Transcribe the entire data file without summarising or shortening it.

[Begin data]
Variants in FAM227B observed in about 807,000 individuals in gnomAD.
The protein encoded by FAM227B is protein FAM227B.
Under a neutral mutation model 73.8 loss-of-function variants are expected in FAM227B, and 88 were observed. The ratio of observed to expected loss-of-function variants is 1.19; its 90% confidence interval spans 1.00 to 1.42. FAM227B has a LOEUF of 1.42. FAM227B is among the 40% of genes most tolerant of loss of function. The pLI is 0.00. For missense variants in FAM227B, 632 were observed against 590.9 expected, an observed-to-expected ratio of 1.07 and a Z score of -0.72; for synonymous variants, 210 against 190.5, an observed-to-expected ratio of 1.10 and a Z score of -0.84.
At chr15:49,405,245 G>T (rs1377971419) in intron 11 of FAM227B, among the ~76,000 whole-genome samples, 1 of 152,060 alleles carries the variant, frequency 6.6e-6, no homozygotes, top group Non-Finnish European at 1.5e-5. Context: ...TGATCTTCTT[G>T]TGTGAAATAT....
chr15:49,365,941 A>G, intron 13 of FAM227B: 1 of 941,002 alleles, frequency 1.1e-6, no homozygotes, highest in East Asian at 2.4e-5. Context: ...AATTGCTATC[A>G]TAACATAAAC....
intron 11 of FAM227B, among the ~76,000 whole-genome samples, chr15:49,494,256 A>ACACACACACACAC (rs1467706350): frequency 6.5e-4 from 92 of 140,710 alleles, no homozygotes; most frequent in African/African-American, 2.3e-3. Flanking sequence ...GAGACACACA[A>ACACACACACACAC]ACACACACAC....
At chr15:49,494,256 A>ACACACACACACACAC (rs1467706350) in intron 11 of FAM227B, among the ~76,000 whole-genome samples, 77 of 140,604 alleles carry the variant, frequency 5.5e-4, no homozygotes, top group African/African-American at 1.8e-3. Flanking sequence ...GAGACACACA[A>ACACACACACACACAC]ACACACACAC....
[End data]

Variants in FAM227B observed in about 807,000 individuals in gnomAD.
The protein encoded by FAM227B is protein FAM227B.
Under a neutral mutation model 73.8 loss-of-function variants are expected in FAM227B, and 88 were observed. The ratio of observed to expected loss-of-function variants is 1.19; its 90% confidence interval spans 1.00 to 1.42. FAM227B has a LOEUF of 1.42. FAM227B is among the 40% of genes most tolerant of loss of function. The pLI is 0.00. For missense variants in FAM227B, 632 were observed against 590.9 expected, an observed-to-expected ratio of 1.07 and a Z score of -0.72; for synonymous variants, 210 against 190.5, an observed-to-expected ratio of 1.10 and a Z score of -0.84.
At chr15:49,405,245 G>T (rs1377971419) in intron 11 of FAM227B, among the ~76,000 whole-genome samples, 1 of 152,060 alleles carries the variant, frequency 6.6e-6, no homozygotes, top group Non-Finnish European at 1.5e-5. Context: ...TGATCTTCTT[G>T]TGTGAAATAT....
chr15:49,365,941 A>G, intron 13 of FAM227B: 1 of 941,002 alleles, frequency 1.1e-6, no homozygotes, highest in East Asian at 2.4e-5. Context: ...AATTGCTATC[A>G]TAACATAAAC....
intron 11 of FAM227B, among the ~76,000 whole-genome samples, chr15:49,494,256 A>ACACACACACACAC (rs1467706350): frequency 6.5e-4 from 92 of 140,710 alleles, no homozygotes; most frequent in African/African-American, 2.3e-3. Flanking sequence ...GAGACACACA[A>ACACACACACACAC]ACACACACAC....
At chr15:49,494,256 A>ACACACACACACACAC (rs1467706350) in intron 11 of FAM227B, among the ~76,000 whole-genome samples, 77 of 140,604 alleles carry the variant, frequency 5.5e-4, no homozygotes, top group African/African-American at 1.8e-3. Flanking sequence ...GAGACACACA[A>ACACACACACACACAC]ACACACACAC....